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Curtis Cartier gets in a froth about an upcoming show of Santa Cruz indie stars Man/Miracle and the Vox Jaguars.

By Curtis Cartier

Indie Anticipation
The sweat on my brow and foam in my mouth means one of two things: either that raccoon was rabid or there's a great indie rock show coming up. Either way, I'll be dancing. And who better to give my maddened flailings cadence than local indie darlings Man/Miracle and the Vox Jaguars? Santa Cruz's prog rock mini-mecca, the Crepe Place, is hosting both local acts along with San Francisco surf rock champions the Botticellis on Sept. 26 for a night of calorie-burning calisthenics, and Mūz will be there in a chartreuse tracksuit.

The Miracle of Man
The four UCSC grads of Man/Miracle, now based in Oakland, are one twangy note away from the big time. Well maybe a full album of twangy notes away, but with catchy clappers like "Pushing and Shoving" it's clear these young men are on the ground floor headed up. Thrashy guitars and impressive drum work rally around singer Dylan Travis' nasally warble, creating enough musical anxiety to give up coffee forever. But despite the tension, the tunes are decidedly positive, and instead of curling up alone in bed like a kid on Valium you'll bounce on the bed for hours like a kid on Adderall. Mūz caught up with songwriter and ax wielder Travis ahead of the band's Santa Cruz gig. He said when it comes to live shows, expect the unexpected. "I'm all about putting as much emotion as possible into our live shows," Travis said. "People will say, 'You should play songs like they are on the album to try and sell more records,' but I get bored to tears if I go to a show and it sounds just like the CD."

Borrowing Mom's Jaguar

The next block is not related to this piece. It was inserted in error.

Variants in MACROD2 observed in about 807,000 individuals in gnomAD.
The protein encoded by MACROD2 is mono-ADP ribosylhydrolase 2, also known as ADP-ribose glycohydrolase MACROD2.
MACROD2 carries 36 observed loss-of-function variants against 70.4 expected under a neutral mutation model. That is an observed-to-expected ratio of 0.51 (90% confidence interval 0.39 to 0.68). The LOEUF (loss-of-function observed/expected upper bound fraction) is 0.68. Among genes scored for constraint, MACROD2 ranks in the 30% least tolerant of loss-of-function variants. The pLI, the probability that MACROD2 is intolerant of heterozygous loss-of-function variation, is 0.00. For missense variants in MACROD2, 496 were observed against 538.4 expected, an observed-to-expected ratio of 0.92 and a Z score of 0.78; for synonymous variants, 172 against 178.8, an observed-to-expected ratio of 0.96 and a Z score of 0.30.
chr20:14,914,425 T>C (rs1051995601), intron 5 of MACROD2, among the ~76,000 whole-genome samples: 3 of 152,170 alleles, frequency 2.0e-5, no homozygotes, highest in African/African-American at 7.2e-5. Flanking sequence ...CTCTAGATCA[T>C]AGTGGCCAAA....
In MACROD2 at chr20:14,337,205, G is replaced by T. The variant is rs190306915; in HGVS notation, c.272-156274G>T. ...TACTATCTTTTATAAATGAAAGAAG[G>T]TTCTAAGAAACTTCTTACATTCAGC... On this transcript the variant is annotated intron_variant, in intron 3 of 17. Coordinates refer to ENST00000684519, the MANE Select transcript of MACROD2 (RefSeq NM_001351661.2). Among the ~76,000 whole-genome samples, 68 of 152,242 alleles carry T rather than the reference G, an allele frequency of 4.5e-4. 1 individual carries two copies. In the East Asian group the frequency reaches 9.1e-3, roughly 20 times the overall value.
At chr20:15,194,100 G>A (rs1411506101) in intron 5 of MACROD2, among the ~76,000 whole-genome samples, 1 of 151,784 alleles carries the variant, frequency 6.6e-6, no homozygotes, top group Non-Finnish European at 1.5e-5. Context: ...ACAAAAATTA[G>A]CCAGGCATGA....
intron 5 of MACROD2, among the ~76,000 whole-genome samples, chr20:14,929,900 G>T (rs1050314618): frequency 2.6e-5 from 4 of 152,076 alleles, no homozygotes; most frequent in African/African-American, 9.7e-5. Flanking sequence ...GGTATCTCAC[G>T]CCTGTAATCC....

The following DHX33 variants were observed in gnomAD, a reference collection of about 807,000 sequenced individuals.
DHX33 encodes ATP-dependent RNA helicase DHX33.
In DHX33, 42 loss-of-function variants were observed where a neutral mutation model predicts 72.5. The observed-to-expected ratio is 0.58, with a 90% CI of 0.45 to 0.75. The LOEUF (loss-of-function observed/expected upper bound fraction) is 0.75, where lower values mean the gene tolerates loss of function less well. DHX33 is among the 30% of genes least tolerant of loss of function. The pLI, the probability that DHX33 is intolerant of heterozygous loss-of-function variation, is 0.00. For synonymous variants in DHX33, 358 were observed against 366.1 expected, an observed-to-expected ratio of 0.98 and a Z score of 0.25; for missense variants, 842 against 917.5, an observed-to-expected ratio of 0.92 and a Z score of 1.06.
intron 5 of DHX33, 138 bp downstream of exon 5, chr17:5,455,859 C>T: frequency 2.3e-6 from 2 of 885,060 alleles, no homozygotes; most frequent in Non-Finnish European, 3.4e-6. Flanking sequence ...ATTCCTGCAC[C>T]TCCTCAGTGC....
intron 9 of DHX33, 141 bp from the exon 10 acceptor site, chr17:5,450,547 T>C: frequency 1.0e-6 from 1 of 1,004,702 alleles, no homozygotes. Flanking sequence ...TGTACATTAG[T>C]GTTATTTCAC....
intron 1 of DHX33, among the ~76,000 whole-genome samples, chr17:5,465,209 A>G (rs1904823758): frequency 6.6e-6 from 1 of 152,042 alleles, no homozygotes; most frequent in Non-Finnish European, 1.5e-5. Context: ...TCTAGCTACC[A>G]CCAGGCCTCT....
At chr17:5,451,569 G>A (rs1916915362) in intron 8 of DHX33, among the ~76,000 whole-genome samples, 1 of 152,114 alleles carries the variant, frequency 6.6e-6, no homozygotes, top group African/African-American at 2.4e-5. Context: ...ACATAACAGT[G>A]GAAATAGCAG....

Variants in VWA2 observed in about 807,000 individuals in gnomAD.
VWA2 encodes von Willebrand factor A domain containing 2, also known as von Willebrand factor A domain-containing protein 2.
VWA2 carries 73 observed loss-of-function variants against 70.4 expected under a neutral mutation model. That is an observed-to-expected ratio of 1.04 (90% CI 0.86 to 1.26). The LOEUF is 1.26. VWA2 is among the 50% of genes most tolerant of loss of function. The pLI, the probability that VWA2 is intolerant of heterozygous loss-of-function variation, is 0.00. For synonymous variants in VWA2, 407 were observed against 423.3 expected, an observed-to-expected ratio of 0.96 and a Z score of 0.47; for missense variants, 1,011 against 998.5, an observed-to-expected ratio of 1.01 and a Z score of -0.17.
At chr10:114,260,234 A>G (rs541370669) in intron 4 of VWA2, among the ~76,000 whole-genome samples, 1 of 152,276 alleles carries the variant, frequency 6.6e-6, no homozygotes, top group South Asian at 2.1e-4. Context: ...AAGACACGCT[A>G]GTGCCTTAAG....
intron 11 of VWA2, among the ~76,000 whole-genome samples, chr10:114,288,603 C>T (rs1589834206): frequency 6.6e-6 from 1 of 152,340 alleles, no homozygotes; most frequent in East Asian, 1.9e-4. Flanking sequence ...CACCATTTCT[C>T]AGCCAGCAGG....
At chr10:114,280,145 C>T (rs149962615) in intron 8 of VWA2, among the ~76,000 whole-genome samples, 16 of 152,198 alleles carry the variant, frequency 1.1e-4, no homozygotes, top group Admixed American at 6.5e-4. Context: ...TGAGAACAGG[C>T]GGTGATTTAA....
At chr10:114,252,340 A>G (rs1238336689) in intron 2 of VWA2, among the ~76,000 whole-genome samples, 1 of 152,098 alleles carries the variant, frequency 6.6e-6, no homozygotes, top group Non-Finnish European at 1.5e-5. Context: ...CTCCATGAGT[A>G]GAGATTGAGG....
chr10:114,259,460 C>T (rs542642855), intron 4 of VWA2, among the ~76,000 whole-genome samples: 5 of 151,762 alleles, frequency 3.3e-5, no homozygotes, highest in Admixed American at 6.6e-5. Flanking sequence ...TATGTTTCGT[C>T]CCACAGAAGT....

Despite an 11pm curfew and Mom at every show to enforce it, indie dreamchild Jordy Topf has become a standard bearer for the Santa Cruz rock scene. And although Topf, along with the rest of the Vox Jaguars, is forced to deal with home-ec classes, high school cafeteria food and detention slips along with the strains of maintaining a rock band, the sound they've created is well beyond their years. Topf sings in a swanky, almost Jagger-esque croon, and, with crisp and quick guitars and loud and minimal drums, the music takes full advantage of his unique vocals. Crepe Place music booker and all-around badass Adam Bergeron sounded off about the Jaguars and their upcoming show, calling them "America's next indie sensation." "I love these kids. I mean, Jordy will call me and say, 'I'm trying to get some extra bands to play with us and I called Death Cab For Cutie but they haven't got back to me yet,'" Bergeron laughed. "Still, I think it's universally agreed that he's the next big indie rock kid."

In a near flawless nod to the Beach Boys, the Partridge Family or some other harmonically perfect outfit, San Francisco's Botticellis round out the Crepe Place's featured lineup. Shimmering guitars are layered on top of ethereal vocal harmony as this quintet tip their caps to the best of surf rock without limiting themselves to all that comes with it. Their new EP Table by the Window solidly complements July's release of OHM and proves the Botticellis are out to bring back a time when surf rock meant more than a kooky live show.

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